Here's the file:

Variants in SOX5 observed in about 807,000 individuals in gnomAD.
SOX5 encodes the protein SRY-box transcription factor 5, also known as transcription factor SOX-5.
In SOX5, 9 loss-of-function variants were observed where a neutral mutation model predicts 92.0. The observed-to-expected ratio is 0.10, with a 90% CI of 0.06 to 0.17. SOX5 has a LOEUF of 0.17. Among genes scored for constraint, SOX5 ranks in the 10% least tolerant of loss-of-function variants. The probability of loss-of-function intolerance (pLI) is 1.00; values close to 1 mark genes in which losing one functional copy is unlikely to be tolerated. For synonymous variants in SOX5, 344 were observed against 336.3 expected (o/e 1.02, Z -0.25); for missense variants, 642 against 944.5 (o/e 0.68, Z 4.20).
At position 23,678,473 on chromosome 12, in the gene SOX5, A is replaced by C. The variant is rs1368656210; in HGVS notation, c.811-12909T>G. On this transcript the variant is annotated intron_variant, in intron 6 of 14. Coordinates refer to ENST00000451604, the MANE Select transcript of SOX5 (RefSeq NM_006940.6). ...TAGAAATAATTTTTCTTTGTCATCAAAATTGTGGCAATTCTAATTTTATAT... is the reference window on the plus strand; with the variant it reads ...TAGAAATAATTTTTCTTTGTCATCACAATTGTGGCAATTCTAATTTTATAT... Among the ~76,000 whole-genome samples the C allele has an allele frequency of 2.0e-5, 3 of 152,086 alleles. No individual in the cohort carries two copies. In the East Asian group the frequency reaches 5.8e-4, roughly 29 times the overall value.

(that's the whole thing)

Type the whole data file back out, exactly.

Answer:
Variants in SOX5 observed in about 807,000 individuals in gnomAD.
SOX5 encodes the protein SRY-box transcription factor 5, also known as transcription factor SOX-5.
In SOX5, 9 loss-of-function variants were observed where a neutral mutation model predicts 92.0. The observed-to-expected ratio is 0.10, with a 90% CI of 0.06 to 0.17. SOX5 has a LOEUF of 0.17. Among genes scored for constraint, SOX5 ranks in the 10% least tolerant of loss-of-function variants. The probability of loss-of-function intolerance (pLI) is 1.00; values close to 1 mark genes in which losing one functional copy is unlikely to be tolerated. For synonymous variants in SOX5, 344 were observed against 336.3 expected (o/e 1.02, Z -0.25); for missense variants, 642 against 944.5 (o/e 0.68, Z 4.20).
At position 23,678,473 on chromosome 12, in the gene SOX5, A is replaced by C. The variant is rs1368656210; in HGVS notation, c.811-12909T>G. On this transcript the variant is annotated intron_variant, in intron 6 of 14. Coordinates refer to ENST00000451604, the MANE Select transcript of SOX5 (RefSeq NM_006940.6). ...TAGAAATAATTTTTCTTTGTCATCAAAATTGTGGCAATTCTAATTTTATAT... is the reference window on the plus strand; with the variant it reads ...TAGAAATAATTTTTCTTTGTCATCACAATTGTGGCAATTCTAATTTTATAT... Among the ~76,000 whole-genome samples the C allele has an allele frequency of 2.0e-5, 3 of 152,086 alleles. No individual in the cohort carries two copies. In the East Asian group the frequency reaches 5.8e-4, roughly 29 times the overall value.